Eleanor Stanford: the Clarity of Memory

Excerpt from Superstition Review:

I needed clarity, and the only way I knew to seek clarity was to write.

***

Maybe it wasn’t clarity that I needed, though. Maybe it was simply to tell my story, dust-obscured, deep-throated wail that it was. What I’d wanted all along was to put the island where I’d lived for two years on a common map.

For the full, read here.

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William Maxwell: The Landscape of Writing

Interview excerpt from the Paris Review:

Autobiography is simply the facts, but imagination is the landscape in which the facts take place, and the way that everything moves.

***

I just hang over the typewriter waiting to see what is going to happen. It begins with the very first sentence. I don’t will the sentence to come; I wait, as actively passive as I can possibly be. For some reason the phrase “Once upon a time” seems to be essential. Then, if I am sufficiently trusting, the rest of the story follows, and the last sentence is straight from the first.

For the full, read here.

Tanaya Winder: The Process of Honesty

Excerpt from Letters From A Young Poet:

We are so used to creating characters or writing scenarios, calling it like we see it, that this conditioned honesty can often come back to bite us.

***

I used to think that was perhaps the best writing and never believed my instructor’s when they spoke about the importance of psychic distance. Sure it made sense mentally and intellectually but emotionally it didn’t feel right. It is only now that it makes sense – the process of processing.

For the full, read here.

Sandra Cisneros: Finding Her Voice Through Anger

Excerpt from Makers:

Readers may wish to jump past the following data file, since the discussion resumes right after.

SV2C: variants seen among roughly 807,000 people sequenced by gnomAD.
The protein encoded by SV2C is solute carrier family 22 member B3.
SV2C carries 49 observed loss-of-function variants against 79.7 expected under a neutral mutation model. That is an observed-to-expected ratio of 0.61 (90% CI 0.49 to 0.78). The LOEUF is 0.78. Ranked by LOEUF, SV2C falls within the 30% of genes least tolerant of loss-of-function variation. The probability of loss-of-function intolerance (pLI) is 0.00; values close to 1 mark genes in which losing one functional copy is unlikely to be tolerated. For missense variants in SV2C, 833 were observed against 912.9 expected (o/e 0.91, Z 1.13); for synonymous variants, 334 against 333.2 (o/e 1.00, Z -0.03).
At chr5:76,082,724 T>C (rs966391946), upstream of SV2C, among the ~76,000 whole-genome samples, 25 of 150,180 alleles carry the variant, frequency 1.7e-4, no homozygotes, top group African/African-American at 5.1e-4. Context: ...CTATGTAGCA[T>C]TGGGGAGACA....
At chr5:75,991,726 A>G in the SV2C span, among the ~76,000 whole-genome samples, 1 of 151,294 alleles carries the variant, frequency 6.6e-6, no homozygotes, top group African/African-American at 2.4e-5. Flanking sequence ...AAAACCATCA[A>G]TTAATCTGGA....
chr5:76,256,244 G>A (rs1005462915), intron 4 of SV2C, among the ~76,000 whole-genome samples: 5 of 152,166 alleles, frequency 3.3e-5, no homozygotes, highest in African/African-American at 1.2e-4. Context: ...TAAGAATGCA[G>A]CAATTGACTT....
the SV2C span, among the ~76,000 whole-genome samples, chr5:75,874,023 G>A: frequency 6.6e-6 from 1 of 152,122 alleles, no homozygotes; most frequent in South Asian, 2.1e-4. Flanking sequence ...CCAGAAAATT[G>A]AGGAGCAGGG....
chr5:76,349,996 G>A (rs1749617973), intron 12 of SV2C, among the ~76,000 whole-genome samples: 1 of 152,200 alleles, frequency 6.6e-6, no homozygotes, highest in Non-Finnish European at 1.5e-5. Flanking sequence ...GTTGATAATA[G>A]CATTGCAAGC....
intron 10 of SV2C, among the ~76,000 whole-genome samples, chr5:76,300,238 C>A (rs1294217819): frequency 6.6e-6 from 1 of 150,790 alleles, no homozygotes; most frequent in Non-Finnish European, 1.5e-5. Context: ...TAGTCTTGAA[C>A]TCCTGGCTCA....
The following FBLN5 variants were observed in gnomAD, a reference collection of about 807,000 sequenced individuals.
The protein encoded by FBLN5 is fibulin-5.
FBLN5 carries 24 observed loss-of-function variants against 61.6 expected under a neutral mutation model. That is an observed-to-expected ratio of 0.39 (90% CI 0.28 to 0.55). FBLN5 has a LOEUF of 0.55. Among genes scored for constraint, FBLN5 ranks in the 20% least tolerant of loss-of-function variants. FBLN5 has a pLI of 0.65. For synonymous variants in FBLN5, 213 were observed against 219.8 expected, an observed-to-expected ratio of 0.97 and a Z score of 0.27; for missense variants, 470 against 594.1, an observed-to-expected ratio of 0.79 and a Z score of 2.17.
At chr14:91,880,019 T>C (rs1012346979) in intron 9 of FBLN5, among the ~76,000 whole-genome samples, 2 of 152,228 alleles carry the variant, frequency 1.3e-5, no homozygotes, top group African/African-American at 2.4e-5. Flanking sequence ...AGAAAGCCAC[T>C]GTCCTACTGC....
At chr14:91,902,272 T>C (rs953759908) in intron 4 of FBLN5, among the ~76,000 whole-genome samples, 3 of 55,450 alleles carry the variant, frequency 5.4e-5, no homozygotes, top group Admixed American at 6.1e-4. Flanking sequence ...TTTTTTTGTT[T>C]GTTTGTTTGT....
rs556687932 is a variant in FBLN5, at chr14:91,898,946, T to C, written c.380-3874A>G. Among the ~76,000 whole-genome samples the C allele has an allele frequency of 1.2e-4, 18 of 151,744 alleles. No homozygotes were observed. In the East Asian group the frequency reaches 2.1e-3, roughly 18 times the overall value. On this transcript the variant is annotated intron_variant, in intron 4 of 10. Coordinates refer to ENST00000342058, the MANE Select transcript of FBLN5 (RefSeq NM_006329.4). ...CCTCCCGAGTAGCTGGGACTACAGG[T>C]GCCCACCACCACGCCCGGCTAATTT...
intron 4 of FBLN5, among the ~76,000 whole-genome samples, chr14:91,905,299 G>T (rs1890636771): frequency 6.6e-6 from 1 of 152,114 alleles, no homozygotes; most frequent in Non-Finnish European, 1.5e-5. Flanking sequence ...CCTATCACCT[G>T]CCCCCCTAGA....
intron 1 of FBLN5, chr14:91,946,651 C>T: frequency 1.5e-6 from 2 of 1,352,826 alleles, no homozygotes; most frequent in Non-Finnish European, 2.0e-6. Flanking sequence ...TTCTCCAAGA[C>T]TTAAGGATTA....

But there was a moment when I got really angry, and I said: “I’ll show you. I’m going to write something you can’t say is wrong.”  And anger, I think, is great, if you don’t use it to shoot yourself in the head.  And I used it to write the book that I didn’t see in the library or in our classrooms, and that’s how House on Mango Street was born.

Watch the full here.

The Emotional Stakes of Mary Karr, Memoirist

Interview excerpted from The Paris Review:

The emotional stakes a memoirist bets with could not be higher, and it’s physically enervating. I nap on a daily basis like a cross-country trucker.

***

I wrote in a scattered, undisciplined way. But I read the way a junkie shoots dope. After college I got a poetry grant I’d applied for from the state of Minnesota. I used it to move to England, which was partly an attempt to cure my drinking. How ridiculous is that? I was drinking too much in Minneapolis, so I emigrate to one of the most alcohol-sodden islands on the planet. But it ended up being a cure for my ignorance about the history of literature.

For the full, read here.

Susan Steinberg on Experimental Writing

Excerpt from Publisher’s Weekly:

There are terms applied to experimental work that seem to cause less discomfort. “Lyric” is one. “Hybrid” is another. They’re more specific. They speak directly to a blurring of genres. They alleviate some of the mystery. But I think I prefer the term experimental. Because it relates to an act. It lets one consider experimental writing as a practice. Not as a genre.

Read the full here.